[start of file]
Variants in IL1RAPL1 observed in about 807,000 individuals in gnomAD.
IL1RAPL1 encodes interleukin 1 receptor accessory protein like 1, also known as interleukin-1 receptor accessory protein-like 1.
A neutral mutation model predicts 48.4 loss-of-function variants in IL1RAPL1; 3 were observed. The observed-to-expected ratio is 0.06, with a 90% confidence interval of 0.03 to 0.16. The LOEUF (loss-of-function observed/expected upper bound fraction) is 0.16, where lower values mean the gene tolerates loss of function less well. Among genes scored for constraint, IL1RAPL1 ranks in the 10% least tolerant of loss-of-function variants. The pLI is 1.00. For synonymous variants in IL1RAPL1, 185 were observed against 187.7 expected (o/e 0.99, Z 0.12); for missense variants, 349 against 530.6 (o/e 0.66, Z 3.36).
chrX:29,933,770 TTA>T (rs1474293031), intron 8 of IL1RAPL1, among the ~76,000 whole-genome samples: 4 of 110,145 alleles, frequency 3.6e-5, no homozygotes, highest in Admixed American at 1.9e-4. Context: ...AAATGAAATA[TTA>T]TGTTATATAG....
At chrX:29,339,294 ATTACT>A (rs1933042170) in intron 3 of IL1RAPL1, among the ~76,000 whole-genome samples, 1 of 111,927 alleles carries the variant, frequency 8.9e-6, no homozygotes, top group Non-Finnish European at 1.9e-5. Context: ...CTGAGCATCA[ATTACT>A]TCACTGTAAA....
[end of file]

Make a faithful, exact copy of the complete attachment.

Variants in IL1RAPL1 observed in about 807,000 individuals in gnomAD.
IL1RAPL1 encodes interleukin 1 receptor accessory protein like 1, also known as interleukin-1 receptor accessory protein-like 1.
A neutral mutation model predicts 48.4 loss-of-function variants in IL1RAPL1; 3 were observed. The observed-to-expected ratio is 0.06, with a 90% confidence interval of 0.03 to 0.16. The LOEUF (loss-of-function observed/expected upper bound fraction) is 0.16, where lower values mean the gene tolerates loss of function less well. Among genes scored for constraint, IL1RAPL1 ranks in the 10% least tolerant of loss-of-function variants. The pLI is 1.00. For synonymous variants in IL1RAPL1, 185 were observed against 187.7 expected (o/e 0.99, Z 0.12); for missense variants, 349 against 530.6 (o/e 0.66, Z 3.36).
chrX:29,933,770 TTA>T (rs1474293031), intron 8 of IL1RAPL1, among the ~76,000 whole-genome samples: 4 of 110,145 alleles, frequency 3.6e-5, no homozygotes, highest in Admixed American at 1.9e-4. Context: ...AAATGAAATA[TTA>T]TGTTATATAG....
At chrX:29,339,294 ATTACT>A (rs1933042170) in intron 3 of IL1RAPL1, among the ~76,000 whole-genome samples, 1 of 111,927 alleles carries the variant, frequency 8.9e-6, no homozygotes, top group Non-Finnish European at 1.9e-5. Context: ...CTGAGCATCA[ATTACT>A]TCACTGTAAA....